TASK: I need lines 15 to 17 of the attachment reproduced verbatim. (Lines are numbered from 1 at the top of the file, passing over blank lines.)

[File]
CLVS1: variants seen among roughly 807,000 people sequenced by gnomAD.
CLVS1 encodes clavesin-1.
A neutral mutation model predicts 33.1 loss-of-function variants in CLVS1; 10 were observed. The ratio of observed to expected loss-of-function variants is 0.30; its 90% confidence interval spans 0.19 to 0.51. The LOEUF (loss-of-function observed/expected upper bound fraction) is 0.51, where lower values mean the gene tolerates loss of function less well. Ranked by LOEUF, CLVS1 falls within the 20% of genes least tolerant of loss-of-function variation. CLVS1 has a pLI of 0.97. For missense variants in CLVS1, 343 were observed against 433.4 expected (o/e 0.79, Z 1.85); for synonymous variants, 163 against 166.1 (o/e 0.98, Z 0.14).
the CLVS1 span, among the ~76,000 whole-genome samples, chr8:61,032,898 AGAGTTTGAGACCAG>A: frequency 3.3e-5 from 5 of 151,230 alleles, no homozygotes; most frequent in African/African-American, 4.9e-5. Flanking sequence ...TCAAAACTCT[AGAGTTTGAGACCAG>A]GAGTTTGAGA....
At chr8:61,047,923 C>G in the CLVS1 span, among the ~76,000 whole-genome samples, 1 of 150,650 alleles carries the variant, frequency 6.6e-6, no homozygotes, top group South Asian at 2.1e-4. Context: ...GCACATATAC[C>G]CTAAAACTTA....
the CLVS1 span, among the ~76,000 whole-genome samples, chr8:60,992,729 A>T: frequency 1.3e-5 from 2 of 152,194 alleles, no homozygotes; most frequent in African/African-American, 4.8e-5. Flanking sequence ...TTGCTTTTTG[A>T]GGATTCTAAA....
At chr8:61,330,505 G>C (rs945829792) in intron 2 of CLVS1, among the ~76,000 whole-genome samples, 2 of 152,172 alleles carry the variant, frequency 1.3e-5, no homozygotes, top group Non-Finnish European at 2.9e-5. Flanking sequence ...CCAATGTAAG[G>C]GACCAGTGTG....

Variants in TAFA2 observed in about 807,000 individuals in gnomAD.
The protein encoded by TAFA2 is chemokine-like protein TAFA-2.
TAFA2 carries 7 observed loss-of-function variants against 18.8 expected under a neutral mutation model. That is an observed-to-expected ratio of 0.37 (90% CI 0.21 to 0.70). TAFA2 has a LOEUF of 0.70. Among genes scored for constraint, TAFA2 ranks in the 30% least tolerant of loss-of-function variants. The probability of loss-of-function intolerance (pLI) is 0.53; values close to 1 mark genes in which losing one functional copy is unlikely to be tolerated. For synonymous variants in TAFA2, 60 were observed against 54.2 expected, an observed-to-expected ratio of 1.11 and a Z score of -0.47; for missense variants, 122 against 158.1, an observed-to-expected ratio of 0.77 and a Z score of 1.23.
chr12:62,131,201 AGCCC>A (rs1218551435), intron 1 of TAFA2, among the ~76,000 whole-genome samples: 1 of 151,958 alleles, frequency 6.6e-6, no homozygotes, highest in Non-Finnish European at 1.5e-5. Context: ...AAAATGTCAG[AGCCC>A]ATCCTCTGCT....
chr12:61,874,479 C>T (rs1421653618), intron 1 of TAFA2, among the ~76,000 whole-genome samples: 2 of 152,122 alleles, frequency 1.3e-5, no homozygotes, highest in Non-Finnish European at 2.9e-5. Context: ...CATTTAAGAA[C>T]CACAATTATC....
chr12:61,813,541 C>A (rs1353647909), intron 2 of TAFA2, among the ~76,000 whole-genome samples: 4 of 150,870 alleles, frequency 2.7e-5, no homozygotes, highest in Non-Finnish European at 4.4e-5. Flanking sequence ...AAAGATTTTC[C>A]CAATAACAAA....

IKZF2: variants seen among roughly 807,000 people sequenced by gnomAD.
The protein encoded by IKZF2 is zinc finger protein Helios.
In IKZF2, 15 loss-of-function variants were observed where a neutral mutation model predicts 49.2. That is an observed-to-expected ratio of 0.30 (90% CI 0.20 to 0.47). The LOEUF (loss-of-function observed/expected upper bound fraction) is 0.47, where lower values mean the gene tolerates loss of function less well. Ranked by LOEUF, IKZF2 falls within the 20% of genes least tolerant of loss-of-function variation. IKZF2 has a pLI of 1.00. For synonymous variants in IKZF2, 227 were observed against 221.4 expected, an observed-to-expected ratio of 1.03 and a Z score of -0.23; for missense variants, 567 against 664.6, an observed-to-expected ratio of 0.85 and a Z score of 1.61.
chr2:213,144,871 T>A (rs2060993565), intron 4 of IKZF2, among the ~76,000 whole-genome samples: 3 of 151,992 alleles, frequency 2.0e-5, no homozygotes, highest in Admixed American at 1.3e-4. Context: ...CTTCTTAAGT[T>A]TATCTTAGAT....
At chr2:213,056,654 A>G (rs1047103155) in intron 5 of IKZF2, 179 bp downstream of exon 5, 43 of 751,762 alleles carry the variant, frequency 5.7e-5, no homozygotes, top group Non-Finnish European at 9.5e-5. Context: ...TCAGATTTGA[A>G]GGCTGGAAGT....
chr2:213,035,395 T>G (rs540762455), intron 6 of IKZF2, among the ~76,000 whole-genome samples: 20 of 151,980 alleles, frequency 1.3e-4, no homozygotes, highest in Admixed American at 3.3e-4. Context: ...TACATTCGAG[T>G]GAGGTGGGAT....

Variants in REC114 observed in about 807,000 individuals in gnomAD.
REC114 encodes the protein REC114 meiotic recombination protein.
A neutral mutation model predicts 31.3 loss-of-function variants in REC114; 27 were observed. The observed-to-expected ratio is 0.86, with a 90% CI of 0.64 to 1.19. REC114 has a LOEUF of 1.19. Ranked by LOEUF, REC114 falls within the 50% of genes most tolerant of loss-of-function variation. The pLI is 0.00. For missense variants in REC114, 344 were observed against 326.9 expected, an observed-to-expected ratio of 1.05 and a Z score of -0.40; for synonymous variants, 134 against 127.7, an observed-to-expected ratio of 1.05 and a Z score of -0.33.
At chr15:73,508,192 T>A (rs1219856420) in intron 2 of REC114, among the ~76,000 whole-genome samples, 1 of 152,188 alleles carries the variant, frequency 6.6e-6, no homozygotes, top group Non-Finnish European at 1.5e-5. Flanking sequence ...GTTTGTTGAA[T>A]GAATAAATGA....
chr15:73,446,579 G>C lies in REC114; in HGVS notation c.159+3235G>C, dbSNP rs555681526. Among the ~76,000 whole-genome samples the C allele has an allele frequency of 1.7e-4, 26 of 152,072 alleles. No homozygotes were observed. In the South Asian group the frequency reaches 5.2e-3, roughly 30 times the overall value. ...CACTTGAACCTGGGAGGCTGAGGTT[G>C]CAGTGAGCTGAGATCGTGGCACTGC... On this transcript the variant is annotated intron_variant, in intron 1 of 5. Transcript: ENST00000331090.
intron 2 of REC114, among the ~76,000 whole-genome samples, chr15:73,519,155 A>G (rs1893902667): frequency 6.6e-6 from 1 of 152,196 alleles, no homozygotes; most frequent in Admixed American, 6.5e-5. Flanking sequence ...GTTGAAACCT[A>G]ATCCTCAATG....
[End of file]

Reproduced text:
The protein encoded by IKZF2 is zinc finger protein Helios.
In IKZF2, 15 loss-of-function variants were observed where a neutral mutation model predicts 49.2. That is an observed-to-expected ratio of 0.30 (90% CI 0.20 to 0.47). The LOEUF (loss-of-function observed/expected upper bound fraction) is 0.47, where lower values mean the gene tolerates loss of function less well. Ranked by LOEUF, IKZF2 falls within the 20% of genes least tolerant of loss-of-function variation. IKZF2 has a pLI of 1.00. For synonymous variants in IKZF2, 227 were observed against 221.4 expected, an observed-to-expected ratio of 1.03 and a Z score of -0.23; for missense variants, 567 against 664.6, an observed-to-expected ratio of 0.85 and a Z score of 1.61.
chr2:213,144,871 T>A (rs2060993565), intron 4 of IKZF2, among the ~76,000 whole-genome samples: 3 of 151,992 alleles, frequency 2.0e-5, no homozygotes, highest in Admixed American at 1.3e-4. Context: ...CTTCTTAAGT[T>A]TATCTTAGAT....